Page last updated at 12:33 GMT, Tuesday, 25 March 2008

Mexico plans water supply boost

File photo of people queuing for water in Mexico City
Mexico City's size puts a strain on water resources

Mexico is to make a major investment in water projects to try to guarantee that at least 95% of the population has access to clean drinking water by 2012.

President Felipe Calderon said the government would invest $21bn (10.6bn) to expand supply networks and to improve drainage and water treatment.

The aim was to work for the sustainable development of Mexico, he said.

A key challenge is Mexico City, home to 20 million people, which suffers both water shortages and flash floods.

"There is an imbalance between the availability of water, population growth and economic development," said President Calderon as he unveiled the investment programme during a visit to the state of Hidalgo.

Mexico's population, currently some 106 million, had quadrupled in the last 55 years, he said, with people tending to concentrate in urban areas where provision of drinking water was more expensive.

Another consequence of this growth had been the effect on the environment, he said, including the pollution of rivers, lakes and aquifers.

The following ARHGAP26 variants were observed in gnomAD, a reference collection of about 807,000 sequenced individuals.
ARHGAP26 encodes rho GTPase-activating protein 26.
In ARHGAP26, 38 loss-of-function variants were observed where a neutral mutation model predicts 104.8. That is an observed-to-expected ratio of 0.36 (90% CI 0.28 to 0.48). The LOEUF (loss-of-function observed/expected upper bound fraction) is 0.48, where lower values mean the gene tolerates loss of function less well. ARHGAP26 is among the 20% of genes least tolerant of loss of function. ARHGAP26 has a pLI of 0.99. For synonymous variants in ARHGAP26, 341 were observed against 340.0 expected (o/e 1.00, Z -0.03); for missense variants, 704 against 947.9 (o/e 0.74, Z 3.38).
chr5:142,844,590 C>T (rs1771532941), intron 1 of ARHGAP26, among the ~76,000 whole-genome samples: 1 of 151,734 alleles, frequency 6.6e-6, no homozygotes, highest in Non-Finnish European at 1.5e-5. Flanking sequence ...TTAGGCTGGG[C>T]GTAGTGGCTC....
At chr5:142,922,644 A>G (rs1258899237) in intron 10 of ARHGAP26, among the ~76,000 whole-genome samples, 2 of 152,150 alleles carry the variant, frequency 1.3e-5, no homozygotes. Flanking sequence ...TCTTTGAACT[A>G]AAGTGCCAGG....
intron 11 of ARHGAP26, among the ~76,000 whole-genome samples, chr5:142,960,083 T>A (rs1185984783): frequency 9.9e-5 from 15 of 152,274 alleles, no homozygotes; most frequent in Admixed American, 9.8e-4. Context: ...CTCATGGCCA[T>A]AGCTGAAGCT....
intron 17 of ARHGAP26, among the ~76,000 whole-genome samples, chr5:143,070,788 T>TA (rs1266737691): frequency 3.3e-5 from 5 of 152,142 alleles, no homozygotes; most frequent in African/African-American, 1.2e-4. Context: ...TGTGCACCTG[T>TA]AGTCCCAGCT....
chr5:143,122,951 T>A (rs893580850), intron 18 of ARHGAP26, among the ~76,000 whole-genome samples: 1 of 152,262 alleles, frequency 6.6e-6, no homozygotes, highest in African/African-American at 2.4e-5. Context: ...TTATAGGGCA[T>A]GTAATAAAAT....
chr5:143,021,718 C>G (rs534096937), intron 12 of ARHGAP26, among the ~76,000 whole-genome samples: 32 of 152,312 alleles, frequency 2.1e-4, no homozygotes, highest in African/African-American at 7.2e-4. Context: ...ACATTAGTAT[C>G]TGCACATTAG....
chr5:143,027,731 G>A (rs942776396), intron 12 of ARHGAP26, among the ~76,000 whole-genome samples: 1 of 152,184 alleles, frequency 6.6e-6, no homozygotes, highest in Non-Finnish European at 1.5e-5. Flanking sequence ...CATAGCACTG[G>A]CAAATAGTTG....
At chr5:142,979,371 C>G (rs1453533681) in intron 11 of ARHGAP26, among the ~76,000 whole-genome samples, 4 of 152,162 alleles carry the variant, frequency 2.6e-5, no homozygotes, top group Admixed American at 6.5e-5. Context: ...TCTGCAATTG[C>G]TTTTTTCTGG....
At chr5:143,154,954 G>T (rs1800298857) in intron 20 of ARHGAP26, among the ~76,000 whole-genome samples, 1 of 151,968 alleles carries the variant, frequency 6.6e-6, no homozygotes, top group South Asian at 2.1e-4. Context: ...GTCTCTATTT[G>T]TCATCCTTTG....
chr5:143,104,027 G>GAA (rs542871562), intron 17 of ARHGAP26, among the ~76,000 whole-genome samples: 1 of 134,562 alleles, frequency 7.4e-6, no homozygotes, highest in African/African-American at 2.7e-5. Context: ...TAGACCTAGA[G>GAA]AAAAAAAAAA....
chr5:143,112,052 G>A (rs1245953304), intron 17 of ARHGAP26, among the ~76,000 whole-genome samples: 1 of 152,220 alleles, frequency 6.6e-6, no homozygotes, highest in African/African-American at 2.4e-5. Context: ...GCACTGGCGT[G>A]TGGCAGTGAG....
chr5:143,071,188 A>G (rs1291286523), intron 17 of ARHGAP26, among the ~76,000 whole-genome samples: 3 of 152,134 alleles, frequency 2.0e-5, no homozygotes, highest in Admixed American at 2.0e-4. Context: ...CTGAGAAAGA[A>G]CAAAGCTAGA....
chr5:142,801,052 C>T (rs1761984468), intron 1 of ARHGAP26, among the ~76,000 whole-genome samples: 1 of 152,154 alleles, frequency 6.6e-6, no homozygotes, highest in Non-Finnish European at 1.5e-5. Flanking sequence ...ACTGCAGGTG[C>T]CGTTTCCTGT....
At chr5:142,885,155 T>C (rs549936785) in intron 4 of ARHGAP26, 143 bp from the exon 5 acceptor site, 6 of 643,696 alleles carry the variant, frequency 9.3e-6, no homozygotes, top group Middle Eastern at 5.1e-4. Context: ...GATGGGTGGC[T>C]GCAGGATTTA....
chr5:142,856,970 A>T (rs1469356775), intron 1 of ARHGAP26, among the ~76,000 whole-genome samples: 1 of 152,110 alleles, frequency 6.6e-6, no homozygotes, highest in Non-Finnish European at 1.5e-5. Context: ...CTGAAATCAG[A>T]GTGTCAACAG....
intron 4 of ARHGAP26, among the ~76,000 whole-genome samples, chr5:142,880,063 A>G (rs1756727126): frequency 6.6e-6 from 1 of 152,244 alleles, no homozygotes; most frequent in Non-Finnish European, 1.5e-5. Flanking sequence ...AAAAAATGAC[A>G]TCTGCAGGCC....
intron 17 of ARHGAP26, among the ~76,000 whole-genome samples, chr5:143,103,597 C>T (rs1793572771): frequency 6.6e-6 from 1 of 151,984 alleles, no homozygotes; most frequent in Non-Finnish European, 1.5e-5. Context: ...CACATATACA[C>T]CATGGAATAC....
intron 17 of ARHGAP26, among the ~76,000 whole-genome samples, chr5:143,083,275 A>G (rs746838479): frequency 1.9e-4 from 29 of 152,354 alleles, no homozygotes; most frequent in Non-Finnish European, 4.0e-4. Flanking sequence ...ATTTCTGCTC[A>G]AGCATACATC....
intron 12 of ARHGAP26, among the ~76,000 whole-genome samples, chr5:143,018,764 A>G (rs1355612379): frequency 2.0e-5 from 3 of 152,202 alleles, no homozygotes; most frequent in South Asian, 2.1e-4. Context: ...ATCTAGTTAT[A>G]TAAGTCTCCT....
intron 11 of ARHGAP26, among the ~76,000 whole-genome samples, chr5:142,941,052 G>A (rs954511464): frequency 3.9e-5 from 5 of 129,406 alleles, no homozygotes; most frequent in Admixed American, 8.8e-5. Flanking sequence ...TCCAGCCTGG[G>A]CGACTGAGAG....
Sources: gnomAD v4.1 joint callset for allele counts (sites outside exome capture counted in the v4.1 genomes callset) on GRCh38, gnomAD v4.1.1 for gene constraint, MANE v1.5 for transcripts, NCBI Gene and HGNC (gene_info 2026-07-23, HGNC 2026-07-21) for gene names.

The investment programme unveiled by Mr Calderon includes the following aims by 2012:

  • ensure that at least 95% of Mexicans have access to clean drinking water, expanding distribution to 10 million more people
  • guarantee that some 90% are served by sewage drains - 6.5 million more people than currently
  • modernise 1.2 million hectares (3 million acres) of irrigation systems
  • treat at least 60% of sewage - up from 38% today

Among the projects to improve drainage and wastewater treatment will be the construction of a 62km-long (38 miles) drainage tunnel to serve Mexico City.

The capital suffers frequent flooding, particularly in poorer districts that have clogged drains or no sewage system at all.

The city is also sinking as more and more water is pumped from underground sources to supply its population.

Mexico water marches turn violent
17 Mar 06 |  Americas
Quenching Mexico City's thirst
16 Mar 06 |  Americas
Water policy 'fails world's poor'
09 Mar 06 |  Science/Nature
Map: The world's water hotspots
20 Oct 04 |  Science/Nature
Water scarcity: A looming crisis?
19 Oct 04 |  Science/Nature

The BBC is not responsible for the content of external internet sites

Has China's housing bubble burst?
How the world's oldest clove tree defied an empire
Why Royal Ballet principal Sergei Polunin quit


Sign in

BBC navigation

Copyright © 2019 BBC. The BBC is not responsible for the content of external sites. Read more.

This page is best viewed in an up-to-date web browser with style sheets (CSS) enabled. While you will be able to view the content of this page in your current browser, you will not be able to get the full visual experience. Please consider upgrading your browser software or enabling style sheets (CSS) if you are able to do so.

Americas Africa Europe Middle East South Asia Asia Pacific